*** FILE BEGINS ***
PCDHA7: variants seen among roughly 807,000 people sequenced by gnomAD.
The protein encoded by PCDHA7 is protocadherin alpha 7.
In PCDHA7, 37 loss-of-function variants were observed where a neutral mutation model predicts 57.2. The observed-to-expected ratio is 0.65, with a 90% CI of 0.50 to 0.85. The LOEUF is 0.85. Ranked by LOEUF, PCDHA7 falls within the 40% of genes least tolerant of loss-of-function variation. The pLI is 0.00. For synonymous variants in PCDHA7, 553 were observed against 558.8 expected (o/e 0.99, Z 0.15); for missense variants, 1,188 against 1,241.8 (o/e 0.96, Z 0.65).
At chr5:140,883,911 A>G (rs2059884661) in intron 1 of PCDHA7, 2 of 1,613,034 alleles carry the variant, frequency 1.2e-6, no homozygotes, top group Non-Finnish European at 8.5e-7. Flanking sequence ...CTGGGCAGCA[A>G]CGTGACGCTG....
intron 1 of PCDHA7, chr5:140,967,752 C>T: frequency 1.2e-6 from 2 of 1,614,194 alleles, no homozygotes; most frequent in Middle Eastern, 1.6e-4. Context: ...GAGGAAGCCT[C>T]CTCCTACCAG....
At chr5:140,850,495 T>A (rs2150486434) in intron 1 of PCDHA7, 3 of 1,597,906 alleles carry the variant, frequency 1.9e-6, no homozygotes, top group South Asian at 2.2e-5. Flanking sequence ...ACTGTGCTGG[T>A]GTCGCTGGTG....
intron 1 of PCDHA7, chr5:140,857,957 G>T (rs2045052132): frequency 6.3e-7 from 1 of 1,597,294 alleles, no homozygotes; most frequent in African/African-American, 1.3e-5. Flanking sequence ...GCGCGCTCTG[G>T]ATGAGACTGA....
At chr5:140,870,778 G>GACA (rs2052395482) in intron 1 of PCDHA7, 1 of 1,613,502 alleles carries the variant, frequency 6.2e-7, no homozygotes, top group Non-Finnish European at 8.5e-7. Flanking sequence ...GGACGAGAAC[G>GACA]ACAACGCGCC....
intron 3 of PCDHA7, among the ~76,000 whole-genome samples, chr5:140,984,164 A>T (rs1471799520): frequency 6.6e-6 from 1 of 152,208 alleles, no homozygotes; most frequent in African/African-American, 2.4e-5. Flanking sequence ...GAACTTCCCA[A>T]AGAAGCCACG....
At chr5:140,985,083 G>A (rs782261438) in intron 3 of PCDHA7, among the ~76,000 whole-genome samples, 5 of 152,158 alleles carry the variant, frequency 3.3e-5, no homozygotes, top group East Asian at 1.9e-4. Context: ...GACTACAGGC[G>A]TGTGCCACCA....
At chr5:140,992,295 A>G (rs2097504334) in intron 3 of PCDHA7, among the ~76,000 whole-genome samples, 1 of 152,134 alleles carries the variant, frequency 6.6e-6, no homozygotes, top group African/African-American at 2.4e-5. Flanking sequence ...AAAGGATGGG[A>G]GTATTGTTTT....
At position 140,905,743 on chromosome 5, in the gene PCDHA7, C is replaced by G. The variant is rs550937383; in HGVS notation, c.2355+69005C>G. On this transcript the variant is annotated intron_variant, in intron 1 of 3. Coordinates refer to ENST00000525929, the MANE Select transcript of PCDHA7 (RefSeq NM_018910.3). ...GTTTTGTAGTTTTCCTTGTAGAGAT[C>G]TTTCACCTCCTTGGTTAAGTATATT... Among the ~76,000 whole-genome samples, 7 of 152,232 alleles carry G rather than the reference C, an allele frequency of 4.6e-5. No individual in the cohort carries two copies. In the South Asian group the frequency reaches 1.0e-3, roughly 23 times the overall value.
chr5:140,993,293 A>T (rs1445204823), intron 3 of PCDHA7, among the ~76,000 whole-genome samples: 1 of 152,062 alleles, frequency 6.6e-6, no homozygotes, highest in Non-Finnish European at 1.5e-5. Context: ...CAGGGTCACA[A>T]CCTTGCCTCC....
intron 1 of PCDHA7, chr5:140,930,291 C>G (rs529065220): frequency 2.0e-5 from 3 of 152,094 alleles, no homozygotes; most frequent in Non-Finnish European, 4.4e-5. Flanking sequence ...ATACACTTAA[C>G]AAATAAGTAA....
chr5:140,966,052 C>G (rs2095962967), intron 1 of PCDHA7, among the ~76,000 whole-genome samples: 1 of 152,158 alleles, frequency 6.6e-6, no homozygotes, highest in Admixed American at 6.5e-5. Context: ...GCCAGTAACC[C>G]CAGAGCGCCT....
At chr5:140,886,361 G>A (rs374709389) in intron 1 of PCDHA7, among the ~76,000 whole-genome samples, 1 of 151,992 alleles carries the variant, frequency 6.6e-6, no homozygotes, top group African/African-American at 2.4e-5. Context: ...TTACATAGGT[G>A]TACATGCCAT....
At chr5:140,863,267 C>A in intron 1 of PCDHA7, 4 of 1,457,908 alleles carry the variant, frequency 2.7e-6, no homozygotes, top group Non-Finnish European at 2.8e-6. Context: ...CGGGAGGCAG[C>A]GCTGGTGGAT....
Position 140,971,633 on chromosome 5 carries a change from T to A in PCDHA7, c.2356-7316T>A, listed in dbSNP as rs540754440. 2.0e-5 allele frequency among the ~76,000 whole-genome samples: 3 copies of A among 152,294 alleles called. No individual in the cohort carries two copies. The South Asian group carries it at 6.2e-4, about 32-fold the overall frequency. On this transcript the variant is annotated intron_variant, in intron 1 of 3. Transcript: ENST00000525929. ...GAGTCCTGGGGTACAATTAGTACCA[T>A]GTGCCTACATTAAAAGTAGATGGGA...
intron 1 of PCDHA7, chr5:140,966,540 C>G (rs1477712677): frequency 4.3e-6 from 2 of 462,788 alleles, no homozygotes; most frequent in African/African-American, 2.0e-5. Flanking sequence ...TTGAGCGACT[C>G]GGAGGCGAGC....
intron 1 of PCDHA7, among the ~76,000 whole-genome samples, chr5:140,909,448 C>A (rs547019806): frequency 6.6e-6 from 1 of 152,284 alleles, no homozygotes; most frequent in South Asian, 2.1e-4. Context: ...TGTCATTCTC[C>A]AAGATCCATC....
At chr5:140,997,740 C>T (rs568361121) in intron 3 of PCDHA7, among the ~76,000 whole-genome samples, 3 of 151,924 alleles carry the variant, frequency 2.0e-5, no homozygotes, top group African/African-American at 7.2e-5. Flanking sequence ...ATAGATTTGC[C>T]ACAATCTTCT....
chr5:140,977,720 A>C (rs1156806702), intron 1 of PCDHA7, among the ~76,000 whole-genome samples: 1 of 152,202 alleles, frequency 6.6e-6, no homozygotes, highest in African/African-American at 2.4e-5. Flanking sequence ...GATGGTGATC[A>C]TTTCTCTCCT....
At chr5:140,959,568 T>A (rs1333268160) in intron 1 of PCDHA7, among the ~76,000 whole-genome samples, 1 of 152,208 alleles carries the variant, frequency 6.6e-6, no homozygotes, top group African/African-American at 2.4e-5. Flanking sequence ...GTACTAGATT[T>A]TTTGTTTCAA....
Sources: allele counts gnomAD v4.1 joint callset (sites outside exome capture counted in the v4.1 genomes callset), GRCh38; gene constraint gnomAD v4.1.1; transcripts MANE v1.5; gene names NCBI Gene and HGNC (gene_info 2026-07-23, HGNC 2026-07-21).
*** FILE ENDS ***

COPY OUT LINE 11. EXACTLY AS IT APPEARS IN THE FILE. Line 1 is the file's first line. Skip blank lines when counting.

At chr5:140,992,295 A>G (rs2097504334) in intron 3 of PCDHA7, among the ~76,000 whole-genome samples, 1 of 152,134 alleles carries the variant, frequency 6.6e-6, no homozygotes, top group African/African-American at 2.4e-5. Flanking sequence ...AAAGGATGGG[A>G]GTATTGTTTT....